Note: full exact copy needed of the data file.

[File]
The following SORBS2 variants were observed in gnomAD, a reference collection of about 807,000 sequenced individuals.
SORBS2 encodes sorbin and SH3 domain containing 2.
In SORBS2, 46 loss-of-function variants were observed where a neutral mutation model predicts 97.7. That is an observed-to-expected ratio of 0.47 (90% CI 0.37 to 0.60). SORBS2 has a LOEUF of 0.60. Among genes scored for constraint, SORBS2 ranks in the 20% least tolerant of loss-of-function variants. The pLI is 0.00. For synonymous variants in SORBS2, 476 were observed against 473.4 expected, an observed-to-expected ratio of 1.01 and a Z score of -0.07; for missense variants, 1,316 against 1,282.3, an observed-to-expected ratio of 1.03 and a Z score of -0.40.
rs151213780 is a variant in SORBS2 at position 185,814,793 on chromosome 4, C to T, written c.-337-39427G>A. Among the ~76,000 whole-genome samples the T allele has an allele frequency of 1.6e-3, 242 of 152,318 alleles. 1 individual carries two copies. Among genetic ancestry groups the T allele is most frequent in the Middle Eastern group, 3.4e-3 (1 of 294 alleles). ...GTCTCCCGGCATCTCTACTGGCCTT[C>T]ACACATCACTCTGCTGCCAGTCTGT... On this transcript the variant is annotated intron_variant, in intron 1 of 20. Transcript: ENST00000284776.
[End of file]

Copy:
The following SORBS2 variants were observed in gnomAD, a reference collection of about 807,000 sequenced individuals.
SORBS2 encodes sorbin and SH3 domain containing 2.
In SORBS2, 46 loss-of-function variants were observed where a neutral mutation model predicts 97.7. That is an observed-to-expected ratio of 0.47 (90% CI 0.37 to 0.60). SORBS2 has a LOEUF of 0.60. Among genes scored for constraint, SORBS2 ranks in the 20% least tolerant of loss-of-function variants. The pLI is 0.00. For synonymous variants in SORBS2, 476 were observed against 473.4 expected, an observed-to-expected ratio of 1.01 and a Z score of -0.07; for missense variants, 1,316 against 1,282.3, an observed-to-expected ratio of 1.03 and a Z score of -0.40.
rs151213780 is a variant in SORBS2 at position 185,814,793 on chromosome 4, C to T, written c.-337-39427G>A. Among the ~76,000 whole-genome samples the T allele has an allele frequency of 1.6e-3, 242 of 152,318 alleles. 1 individual carries two copies. Among genetic ancestry groups the T allele is most frequent in the Middle Eastern group, 3.4e-3 (1 of 294 alleles). ...GTCTCCCGGCATCTCTACTGGCCTT[C>T]ACACATCACTCTGCTGCCAGTCTGT... On this transcript the variant is annotated intron_variant, in intron 1 of 20. Transcript: ENST00000284776.